About AnthroCrime

The EASA Anthropology of Crime and Criminalisation network (AnthroCrime) aims to place the study of crime, criminalisation and decriminalisation at the heart of critical anthropological inquiry. Current socio-political transformations, such as shifting geopolitical configurations, rising neo-nationalist tendencies, and (cyber)technological developments, push crime to the centre of public debate and to the heart of governmental power.

At a time when governmental and grass-roots organisations seek to boost their sovereignty by flexing their muscles towards those defined as criminals, it becomes increasingly pertinent to analyse criminalisation processes. Contemporary anthropological approaches offer critical reflections that can aid the development of the anthropology of crime and criminalisation just as a network of anthropologists that study crime and criminalisation should help to maintain and develop critical anthropology. Concretely, we envision a network that analyses:

  • criminalisation as a dynamic socio-political process at the service of different actors including state apparatuses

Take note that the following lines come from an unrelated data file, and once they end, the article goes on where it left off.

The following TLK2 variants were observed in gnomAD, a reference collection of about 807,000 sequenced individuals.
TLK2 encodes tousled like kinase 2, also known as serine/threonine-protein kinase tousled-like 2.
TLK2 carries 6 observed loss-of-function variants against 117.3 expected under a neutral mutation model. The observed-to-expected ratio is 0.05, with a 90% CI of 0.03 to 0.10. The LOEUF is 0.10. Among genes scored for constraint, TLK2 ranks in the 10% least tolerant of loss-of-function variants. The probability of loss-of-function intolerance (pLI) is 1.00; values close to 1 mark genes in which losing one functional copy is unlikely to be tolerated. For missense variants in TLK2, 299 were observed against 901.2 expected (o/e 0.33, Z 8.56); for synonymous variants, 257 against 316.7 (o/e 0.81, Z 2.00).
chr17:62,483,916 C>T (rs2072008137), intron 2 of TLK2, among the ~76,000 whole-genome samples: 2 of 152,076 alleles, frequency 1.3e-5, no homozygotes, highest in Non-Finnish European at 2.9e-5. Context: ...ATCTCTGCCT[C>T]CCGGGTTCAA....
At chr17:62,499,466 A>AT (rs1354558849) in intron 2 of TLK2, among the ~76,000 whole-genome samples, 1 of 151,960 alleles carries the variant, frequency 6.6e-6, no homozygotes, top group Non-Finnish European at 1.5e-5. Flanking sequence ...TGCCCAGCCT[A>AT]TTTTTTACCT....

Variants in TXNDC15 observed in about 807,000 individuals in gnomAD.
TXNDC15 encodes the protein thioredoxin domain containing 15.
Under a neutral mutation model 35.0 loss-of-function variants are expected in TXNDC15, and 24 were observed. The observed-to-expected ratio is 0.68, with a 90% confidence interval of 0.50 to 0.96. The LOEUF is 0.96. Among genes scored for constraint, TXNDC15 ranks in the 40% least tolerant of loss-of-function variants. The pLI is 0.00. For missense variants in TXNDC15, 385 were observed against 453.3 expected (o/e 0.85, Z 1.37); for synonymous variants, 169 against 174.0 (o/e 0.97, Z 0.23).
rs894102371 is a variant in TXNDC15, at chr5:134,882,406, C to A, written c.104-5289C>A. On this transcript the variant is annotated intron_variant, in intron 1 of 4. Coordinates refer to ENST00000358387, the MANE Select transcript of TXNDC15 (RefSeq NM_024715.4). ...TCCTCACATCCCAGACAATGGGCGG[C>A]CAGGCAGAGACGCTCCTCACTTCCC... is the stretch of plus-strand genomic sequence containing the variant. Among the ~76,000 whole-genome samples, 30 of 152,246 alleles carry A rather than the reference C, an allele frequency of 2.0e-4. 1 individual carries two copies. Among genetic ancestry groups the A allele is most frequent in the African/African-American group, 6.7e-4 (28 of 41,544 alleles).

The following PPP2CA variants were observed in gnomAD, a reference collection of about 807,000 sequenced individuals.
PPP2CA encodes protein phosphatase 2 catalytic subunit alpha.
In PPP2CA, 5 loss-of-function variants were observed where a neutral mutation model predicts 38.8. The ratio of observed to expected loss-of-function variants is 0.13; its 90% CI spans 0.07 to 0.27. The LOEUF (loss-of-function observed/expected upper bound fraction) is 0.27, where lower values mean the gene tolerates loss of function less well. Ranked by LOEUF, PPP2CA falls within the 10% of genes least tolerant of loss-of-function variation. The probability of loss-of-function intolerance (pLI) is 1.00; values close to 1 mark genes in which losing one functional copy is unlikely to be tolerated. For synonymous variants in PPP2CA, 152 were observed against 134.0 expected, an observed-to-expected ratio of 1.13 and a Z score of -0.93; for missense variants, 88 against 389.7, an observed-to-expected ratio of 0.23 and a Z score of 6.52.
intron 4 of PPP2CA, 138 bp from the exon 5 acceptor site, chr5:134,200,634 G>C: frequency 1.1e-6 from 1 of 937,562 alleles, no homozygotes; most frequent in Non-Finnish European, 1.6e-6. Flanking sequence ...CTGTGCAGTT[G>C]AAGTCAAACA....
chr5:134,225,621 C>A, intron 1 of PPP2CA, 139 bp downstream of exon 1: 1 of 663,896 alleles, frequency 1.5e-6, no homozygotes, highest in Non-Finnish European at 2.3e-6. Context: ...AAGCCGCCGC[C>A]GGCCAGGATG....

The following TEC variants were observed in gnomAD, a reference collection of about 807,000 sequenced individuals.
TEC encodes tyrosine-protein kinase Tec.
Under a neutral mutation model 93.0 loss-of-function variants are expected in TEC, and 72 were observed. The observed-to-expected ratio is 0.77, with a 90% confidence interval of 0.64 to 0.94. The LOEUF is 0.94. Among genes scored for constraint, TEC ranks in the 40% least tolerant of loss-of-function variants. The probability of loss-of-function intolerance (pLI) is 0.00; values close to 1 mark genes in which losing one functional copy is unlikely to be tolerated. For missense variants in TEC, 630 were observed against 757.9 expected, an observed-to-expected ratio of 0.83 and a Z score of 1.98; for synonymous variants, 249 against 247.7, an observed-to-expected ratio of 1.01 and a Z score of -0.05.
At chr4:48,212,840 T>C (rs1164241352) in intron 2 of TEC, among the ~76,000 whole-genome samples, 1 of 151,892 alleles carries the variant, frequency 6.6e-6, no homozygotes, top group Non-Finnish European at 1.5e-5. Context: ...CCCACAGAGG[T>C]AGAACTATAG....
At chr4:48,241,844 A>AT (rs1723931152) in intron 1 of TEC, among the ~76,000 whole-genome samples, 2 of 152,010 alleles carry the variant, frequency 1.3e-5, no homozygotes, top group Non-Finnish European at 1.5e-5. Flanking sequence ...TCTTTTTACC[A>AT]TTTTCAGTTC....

• crime, criminalisation and decriminalisation as part of global, spatial, historical, individual and collective processes, through the construction of practices and discourses
  • possible decentralisation of the law and the state in our explorations of crime (for instance by emphasising the concept of social harm as an alternative)
  • crime not only as a domain of subordinate groups or youth but as an entrepreneurial force of the powerful, focusing on global organisations and its interconnections with public and private actors
  • crime and criminalisation in light of new contemporary technologies, such as information technology and global surveillance
  • how crime, criminalisation and decriminalisation are indicative of our social relations (e.g. with migrants, LGBT groups, etc.) and of the organisation of our society (as evident, for example, from the ongoing decriminalisation processes against certain psychoactive substances)
  • besides violence and its embodiment, the socially productive aspects of crime and criminalisation: the emergence and reinvention of material and symbolic realms, of moral codes and social norms within particular social groups, of imaginaries about the figure of the criminal, in popular culture and media

The network intends to provide a platform for anthropological contributions on crime and (de)criminalisation at a European level while remaining open to dialogues with scholars from other parts of the world and with scholars from adjacent disciplines (e.g. criminology, law and political science).

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